Strong 2018 for Wisconsin banks… if elected officials cooperate

Economic Trends

The banking industry continues to be a central player in driving economic growth across the state. Through the third quarter of 2017, Wisconsin’s 212 headquartered financial institutions held more than $80 billion in net loans and leases, an improvement of more than 5 percent from the prior year. This steady, continued growth in the industry’s loan portfolio, coupled with a similar steady decline in noncurrent loans and leases, is evidence to support the fact that Wisconsin’s economy is healthy and growing.

Oswald Poels

Nearly 99 percent of Wisconsin’s headquartered financial institutions are profitable as of the third quarter of 2017, and nearly 64 percent of these same institutions saw earnings gains. Lending by Wisconsin-headquartered financial institutions is up year-over-year in almost all categories, according to third quarter 2017 numbers released by the Federal Deposit Insurance Corp. Total deposits at these same financial institutions is also up from the prior year, to a total of nearly $88 billion. Financial institutions continue to be trusted by consumers to protect their hard-earned money, which is evidenced by the continued growth in total deposits. Given the health of our state’s economy and the attraction of new businesses to our state, I expect these trends to continue at a steady pace in 2018.

Average net interest margin, which is a key measure of bank profitability, continued to hold steady in the third quarter of 2017 at 3.46 percent for Wisconsin-headquartered financial institutions, higher than the national average of 3.30 percent. I expect there to be continued steady interest rate hikes by the Federal Reserve under incoming chairman Jerome Powell in 2018, as his philosophy related to interest rate hikes is similar to that of current Fed chair Janet Yellen. As interest rates continue to rise, this presents challenges for Wisconsin’s financial institutions, as their core funding costs will continue to rise against a larger portfolio of long-term assets. As of the third quarter of 2017, the cost of funding earning assets grew to 0.5 percent, while the long-term assets (5-plus years) on the books of these financial institutions increased nearly 7 percent from the prior year. In addition, traditional financial institutions face growing competition from unregulated online lenders, tax-advantaged institutions and certain fintech companies.

Merger and acquisition activity among Wisconsin’s financial institutions continues, and I expect the pace to increase in 2018 compared to 2017. The number of headquartered financial institutions in Wisconsin fell in the third quarter of 2017 from the prior year by 6.6 percent, from 227 to 212. This was largely due to the heavy pace of M&A activity that was announced in calendar year 2016. At that time, heavy regulatory burden and rising technology and compliance costs, coupled with succession issues and general fatigue among bankers, contributed to the pace of M&A activity.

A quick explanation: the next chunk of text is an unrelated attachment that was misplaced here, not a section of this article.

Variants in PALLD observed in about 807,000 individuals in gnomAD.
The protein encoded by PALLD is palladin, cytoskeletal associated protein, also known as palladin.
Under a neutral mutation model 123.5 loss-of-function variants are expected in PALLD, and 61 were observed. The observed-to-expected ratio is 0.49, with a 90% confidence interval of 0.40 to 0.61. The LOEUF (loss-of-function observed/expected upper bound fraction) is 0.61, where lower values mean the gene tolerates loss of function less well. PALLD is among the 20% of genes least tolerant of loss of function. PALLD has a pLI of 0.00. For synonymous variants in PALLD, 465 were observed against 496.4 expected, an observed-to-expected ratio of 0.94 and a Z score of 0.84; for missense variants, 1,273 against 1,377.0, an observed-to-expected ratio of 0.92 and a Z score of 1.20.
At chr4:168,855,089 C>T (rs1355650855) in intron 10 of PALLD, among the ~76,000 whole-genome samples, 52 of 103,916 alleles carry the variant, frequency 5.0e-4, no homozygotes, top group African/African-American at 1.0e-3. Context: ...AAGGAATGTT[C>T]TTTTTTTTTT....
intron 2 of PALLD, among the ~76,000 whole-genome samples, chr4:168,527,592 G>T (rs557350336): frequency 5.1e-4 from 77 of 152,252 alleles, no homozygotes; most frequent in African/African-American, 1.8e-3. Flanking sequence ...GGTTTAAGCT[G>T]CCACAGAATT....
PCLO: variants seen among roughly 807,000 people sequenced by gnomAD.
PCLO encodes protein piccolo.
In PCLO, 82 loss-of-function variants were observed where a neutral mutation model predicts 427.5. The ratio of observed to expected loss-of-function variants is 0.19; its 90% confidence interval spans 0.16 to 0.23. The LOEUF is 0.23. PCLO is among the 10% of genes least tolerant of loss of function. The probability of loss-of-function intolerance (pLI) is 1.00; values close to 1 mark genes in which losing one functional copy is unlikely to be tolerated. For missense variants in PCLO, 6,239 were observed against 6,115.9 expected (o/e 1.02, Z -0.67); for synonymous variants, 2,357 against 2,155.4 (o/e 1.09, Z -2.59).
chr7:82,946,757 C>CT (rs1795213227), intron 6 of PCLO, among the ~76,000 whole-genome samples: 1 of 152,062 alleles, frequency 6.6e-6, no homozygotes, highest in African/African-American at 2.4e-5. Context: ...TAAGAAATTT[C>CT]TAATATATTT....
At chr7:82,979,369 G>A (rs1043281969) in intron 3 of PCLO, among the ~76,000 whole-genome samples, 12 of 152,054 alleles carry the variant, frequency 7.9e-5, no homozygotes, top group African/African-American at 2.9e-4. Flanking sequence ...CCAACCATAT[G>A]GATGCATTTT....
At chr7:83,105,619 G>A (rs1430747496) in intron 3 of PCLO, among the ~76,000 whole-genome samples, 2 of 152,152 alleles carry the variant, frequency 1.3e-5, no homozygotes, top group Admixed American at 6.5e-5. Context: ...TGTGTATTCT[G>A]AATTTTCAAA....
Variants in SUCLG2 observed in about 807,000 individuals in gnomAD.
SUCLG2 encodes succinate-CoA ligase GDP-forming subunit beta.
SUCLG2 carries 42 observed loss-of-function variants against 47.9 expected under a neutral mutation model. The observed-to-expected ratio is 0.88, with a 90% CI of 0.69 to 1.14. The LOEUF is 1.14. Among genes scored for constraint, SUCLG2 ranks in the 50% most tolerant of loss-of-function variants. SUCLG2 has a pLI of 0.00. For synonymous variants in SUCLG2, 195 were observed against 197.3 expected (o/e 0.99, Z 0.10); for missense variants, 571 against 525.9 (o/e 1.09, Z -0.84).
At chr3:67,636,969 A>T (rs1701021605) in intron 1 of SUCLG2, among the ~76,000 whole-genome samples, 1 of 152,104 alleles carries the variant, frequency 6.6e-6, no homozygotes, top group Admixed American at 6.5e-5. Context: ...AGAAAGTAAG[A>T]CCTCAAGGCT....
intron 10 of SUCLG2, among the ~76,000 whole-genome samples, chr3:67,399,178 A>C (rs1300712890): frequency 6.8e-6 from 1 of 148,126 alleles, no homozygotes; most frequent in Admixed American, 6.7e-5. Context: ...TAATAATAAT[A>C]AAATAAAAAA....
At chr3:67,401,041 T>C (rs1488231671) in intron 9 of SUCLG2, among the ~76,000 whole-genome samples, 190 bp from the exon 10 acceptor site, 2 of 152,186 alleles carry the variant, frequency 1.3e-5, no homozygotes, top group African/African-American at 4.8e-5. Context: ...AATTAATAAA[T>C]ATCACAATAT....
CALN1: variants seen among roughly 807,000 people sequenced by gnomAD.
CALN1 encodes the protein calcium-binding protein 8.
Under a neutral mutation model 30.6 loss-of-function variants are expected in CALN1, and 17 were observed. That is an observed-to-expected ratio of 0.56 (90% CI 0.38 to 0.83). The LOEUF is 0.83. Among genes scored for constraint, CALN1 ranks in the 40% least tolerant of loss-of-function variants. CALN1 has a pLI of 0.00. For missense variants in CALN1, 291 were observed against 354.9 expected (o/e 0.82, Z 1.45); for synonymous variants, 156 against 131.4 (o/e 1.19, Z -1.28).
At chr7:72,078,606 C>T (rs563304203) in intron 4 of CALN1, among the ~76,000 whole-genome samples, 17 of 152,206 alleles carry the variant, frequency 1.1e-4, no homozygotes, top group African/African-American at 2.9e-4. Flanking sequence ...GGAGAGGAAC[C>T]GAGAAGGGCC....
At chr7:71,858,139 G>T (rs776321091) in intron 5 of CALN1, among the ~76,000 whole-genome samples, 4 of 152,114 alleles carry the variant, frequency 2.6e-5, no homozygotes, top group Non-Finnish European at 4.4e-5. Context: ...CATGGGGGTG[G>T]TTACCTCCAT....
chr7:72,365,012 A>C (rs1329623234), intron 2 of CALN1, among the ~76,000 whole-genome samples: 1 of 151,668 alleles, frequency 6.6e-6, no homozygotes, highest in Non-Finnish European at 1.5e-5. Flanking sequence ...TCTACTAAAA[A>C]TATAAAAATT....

In 2018, I am hopeful that we will begin to realize the benefits of easing the regulatory burden, as well as tax relief, with the passage of prudent reforms in Congress. These actions will help contribute positively to the earnings of financial institutions, which may help drive stronger M&A activity. In addition, those institutions with very strong core deposits will become increasingly attractive to institutions that don’t have high core deposits as a way to satisfy funding needs. I expect M&A activity in 2018 to affect close to 10 percent of our state’s financial institutions.

Our financial institutions power Wisconsin for the betterment of individuals, businesses and communities. Financial institutions uniquely help local communities grow and thrive through the loans they make to, and the trusted wealth management advice they share with, individuals and businesses. In addition, the banking industry contributes significant financial and human resources to countless local causes and charities. It is in the interest of our entire state to support state and federal legislative policies that keep diverse financial institutions healthy and operating in Wisconsin. Meaningful regulatory and tax reform are two key legislative agenda items that must be passed at the state as well as the federal level to help our industry.

With the continued strong economy moving into the new year, and the assumption that legislation starts to ease regulatory and tax burdens, I expect financial institutions to have another successful year in 2018. 

Rose Oswald Poels is president and chief executive officer of the Wisconsin Bankers Association, which represents nearly 250 commercial banks and savings institutions.

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